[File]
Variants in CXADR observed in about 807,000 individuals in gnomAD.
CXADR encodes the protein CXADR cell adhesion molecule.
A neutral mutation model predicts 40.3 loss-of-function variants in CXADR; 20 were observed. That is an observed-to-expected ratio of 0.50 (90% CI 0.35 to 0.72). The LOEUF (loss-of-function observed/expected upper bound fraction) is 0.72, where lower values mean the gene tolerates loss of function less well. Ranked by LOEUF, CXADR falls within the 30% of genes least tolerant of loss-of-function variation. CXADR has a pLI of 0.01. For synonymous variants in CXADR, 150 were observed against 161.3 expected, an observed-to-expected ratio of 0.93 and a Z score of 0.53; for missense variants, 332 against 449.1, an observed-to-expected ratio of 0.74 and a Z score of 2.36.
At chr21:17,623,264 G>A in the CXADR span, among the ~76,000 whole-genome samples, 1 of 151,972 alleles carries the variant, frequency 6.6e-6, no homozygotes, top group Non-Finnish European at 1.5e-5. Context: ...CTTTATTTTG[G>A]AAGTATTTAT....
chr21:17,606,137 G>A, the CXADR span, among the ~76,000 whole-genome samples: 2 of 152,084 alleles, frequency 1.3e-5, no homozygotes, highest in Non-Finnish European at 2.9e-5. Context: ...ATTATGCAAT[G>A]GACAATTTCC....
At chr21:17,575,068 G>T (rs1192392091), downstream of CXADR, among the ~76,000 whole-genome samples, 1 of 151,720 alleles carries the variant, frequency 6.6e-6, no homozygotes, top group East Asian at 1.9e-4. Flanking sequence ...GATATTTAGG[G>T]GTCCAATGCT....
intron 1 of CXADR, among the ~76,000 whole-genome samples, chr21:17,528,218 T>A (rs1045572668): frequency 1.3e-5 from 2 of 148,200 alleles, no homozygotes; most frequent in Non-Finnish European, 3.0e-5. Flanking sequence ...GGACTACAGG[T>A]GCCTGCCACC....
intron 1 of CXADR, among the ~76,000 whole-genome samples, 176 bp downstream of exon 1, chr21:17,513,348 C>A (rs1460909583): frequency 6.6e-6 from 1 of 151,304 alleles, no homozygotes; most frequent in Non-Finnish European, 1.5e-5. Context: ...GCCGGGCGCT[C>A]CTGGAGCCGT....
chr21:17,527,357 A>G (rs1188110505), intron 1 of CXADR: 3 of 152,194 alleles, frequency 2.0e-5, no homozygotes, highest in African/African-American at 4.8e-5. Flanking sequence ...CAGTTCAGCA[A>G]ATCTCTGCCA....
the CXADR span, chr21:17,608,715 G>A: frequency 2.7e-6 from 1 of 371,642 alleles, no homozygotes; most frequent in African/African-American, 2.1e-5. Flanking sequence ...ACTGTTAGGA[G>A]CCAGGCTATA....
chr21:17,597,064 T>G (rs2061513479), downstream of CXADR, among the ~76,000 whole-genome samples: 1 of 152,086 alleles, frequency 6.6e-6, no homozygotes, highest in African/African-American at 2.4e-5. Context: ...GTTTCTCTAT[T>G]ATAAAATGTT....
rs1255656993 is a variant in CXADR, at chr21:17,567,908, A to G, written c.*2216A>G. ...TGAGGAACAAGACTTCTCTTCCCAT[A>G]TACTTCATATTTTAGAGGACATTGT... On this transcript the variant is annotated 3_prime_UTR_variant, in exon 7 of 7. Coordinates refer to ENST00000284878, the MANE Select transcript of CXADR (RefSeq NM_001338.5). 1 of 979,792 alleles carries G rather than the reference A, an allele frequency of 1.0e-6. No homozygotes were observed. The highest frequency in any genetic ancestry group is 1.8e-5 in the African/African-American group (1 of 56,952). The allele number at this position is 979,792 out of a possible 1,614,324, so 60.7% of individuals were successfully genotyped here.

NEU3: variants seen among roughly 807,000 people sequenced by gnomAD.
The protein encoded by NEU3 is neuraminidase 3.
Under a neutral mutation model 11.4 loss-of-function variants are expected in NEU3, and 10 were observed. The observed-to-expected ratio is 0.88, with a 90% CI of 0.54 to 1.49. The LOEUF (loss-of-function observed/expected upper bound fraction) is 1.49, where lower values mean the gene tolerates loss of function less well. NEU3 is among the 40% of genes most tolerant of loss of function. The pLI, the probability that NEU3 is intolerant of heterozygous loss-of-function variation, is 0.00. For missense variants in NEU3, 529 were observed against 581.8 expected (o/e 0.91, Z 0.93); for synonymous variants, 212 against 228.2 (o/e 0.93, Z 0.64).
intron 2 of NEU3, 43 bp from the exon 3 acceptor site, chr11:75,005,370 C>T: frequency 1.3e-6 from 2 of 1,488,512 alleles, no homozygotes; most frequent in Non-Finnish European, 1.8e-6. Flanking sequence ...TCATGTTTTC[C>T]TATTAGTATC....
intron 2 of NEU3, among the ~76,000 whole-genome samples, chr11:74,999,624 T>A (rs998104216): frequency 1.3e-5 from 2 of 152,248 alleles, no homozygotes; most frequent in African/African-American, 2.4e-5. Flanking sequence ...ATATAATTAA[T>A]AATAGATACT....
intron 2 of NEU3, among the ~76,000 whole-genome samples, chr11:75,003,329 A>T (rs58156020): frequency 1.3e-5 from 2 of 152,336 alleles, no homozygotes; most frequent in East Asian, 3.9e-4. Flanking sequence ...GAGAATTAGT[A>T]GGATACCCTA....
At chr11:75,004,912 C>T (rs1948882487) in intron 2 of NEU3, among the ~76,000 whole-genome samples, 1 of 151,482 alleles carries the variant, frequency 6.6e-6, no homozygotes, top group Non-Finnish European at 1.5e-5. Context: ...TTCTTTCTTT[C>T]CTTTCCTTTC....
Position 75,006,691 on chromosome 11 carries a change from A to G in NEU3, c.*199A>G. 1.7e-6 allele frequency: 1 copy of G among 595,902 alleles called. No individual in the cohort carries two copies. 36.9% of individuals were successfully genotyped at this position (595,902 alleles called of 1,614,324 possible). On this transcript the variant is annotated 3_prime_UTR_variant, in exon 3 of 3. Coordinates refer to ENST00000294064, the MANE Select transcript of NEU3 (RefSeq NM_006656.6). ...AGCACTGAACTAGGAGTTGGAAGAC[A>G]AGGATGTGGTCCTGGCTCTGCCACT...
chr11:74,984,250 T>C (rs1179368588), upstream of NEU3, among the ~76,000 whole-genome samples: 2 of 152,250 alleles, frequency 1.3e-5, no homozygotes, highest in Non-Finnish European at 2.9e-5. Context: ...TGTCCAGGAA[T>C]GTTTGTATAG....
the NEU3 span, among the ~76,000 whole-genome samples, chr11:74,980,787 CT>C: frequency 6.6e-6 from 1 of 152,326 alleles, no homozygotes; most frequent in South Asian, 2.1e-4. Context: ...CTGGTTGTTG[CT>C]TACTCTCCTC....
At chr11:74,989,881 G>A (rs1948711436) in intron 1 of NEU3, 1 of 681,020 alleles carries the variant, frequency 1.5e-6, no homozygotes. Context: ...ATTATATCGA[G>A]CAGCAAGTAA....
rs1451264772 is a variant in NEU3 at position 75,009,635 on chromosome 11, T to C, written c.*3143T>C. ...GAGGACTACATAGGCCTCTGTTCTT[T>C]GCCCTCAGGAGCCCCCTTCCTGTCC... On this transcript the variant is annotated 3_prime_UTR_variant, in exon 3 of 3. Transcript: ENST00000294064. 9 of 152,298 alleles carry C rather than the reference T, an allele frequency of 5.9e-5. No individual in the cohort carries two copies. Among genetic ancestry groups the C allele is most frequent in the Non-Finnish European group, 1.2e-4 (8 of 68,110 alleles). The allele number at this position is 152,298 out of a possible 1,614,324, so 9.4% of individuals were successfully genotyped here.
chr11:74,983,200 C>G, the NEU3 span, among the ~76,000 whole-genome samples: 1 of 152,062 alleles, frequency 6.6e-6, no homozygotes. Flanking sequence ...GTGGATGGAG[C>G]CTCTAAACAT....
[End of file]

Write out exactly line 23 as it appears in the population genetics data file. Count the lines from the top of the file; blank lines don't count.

At chr11:74,989,881 G>A (rs1948711436) in intron 1 of NEU3, 1 of 681,020 alleles carries the variant, frequency 1.5e-6, no homozygotes. Context: ...ATTATATCGA[G>A]CAGCAAGTAA....